While a professional corporation does not mitigate professional liability (such as being sued for malpractice or negligence), it may provide some protection from business creditors who make claims against the professional corporation.
Still an attractive business structure?
As a result of the important tax changes affecting private corporations, the tax benefits previously provided by professional corporations may be significantly reduced. In addition, there are initial set up and ongoing tax filing and administrative costs involved in establishing and maintaining a professional corporation, as well as payroll taxes in some provinces on remuneration.
Professionals who are just starting their careers may spend the majority of their income establishing their practices, paying down debt and supporting their lifestyles. To the extent they are not yet profitable, any losses from an unincorporated business could be applied against personal income from other sources. Depending on the extent of other benefits of professional incorporation, these individuals may prefer to postpone incorporation until such time as they have surplus cash flow that can remain in the professional corporation.
Operating your business through a professional corporation can offer many benefits, but introduces additional complexities and tax considerations, especially in light of the important changes to the tax legislation affecting private companies. Because of the potentially reduced tax benefits and the additional complexities associated with a corporation (since each provincial governing body has its own rules and requirements), you are encouraged to consult with independent tax and legal advisors for direction in your particular circumstances.
For more information, please speak with your BMO financial professional.
1 The Federal small business deduction (“SBD”) applies to the first $500,000 of income from an active business carried on in Canada by a Canadian-controlled private company (“CCPC”). It must be shared with associated CCPCs and may be clawed back for “large” corporations with taxable capital of associated corporate groups exceeding $10MM (and is completely eliminated when the associated group’s taxable capital exceeds $50M, for tax years that begin on or after the 2022 Federal Budget date of April 7, 2022), or as discussed herein, where the level of passive investment income in the corporation (or associated corporate group) exceeds $50,000 annually. Similarly, the provinces and territories offer reduced rates, generally up to the first $500,000 of active business income, except for Saskatchewan ($600,000), for 2023. Quebec residents should take note of reduced eligibility to the provincial SBD, notably for corporations which are not in the primary or manufacturing sectors, unless the number of employee hours paid in the year by the corporation is at least 5,500 hours.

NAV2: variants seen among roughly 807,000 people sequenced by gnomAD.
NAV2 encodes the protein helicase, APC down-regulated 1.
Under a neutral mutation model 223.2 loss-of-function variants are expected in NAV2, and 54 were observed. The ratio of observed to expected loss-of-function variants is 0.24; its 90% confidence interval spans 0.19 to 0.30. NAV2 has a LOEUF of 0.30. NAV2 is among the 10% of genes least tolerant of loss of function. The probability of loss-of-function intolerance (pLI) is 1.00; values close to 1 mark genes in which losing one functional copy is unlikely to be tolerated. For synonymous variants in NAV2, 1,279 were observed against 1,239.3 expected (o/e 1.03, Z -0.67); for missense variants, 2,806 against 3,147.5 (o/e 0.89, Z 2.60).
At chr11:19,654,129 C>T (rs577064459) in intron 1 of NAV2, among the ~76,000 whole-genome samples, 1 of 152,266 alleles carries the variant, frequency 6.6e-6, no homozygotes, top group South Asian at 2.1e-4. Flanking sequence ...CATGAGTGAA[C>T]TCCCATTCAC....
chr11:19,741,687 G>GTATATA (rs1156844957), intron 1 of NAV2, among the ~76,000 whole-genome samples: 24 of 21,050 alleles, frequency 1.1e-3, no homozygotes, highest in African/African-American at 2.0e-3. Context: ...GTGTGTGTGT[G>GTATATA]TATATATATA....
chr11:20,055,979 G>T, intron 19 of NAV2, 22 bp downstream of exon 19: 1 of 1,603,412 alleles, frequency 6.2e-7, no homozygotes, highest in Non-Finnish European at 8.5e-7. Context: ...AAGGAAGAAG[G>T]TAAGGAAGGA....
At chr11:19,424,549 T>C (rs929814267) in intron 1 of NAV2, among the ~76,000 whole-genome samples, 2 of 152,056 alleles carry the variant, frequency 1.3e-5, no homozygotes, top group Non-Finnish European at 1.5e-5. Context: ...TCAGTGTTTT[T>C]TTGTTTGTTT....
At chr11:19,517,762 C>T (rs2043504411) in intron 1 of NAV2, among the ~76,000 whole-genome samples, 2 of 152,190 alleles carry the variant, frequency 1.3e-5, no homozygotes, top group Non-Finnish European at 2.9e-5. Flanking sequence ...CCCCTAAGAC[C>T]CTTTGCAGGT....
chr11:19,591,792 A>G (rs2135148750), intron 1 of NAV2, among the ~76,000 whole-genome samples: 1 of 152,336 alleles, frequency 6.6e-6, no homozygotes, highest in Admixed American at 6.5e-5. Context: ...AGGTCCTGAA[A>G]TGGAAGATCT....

2 The tax legislation governing the small business deduction includes rules that are intended to preclude the inappropriate multiplication of access to the deduction. Amendments originating from the 2016 Federal Budget expanded these rules to address the government’s concerns about certain complex partnership and corporate structures that multiply access to the small business deduction. The 2016 Federal Budget also introduced anti-avoidance rules to ensure that associated corporations cannot avoid the taxable capital limit and ensure that investment income derived from an associated corporation’s active business is ineligible for the small business deduction, in certain circumstances.
3 Assuming the professional earns sufficient taxable income from all sources to be otherwise subject to tax at the top marginal rate on this additional income retained in the professional corporation.
4 The illustration reflects the impact of the Alberta government paralleling the tax changes originating from the 2018 Federal Budget related to reduced access to the small business deduction. Notably, both Ontario and the New Brunswick governments did not parallel this new Federal restriction, such that eligible Ontario and New Brunswick small businesses continue to receive the relevant provincial small business deduction without a similar clawback for provincial tax purposes.
5 Corporate tax on passive investment income earned is taxed at a rate that approximates the highest marginal personal income tax rates. A portion of this tax is refundable to the corporation when a taxable dividend is paid to a shareholder. Previously a corporation received a refund of tax paid on investment income even when a lower-taxed (eligible) dividend, sourced from active income taxed at the general corporate rate, was paid. Effective for taxation years beginning after 2018, changes originating from the 2018 Federal Budget will now allow a refund of the refundable tax only where a corporation pays a higher-taxed (non-eligible) dividend, except upon the payment of an eligible dividend where the refundable tax was sourced from the receipt of an eligible portfolio dividend.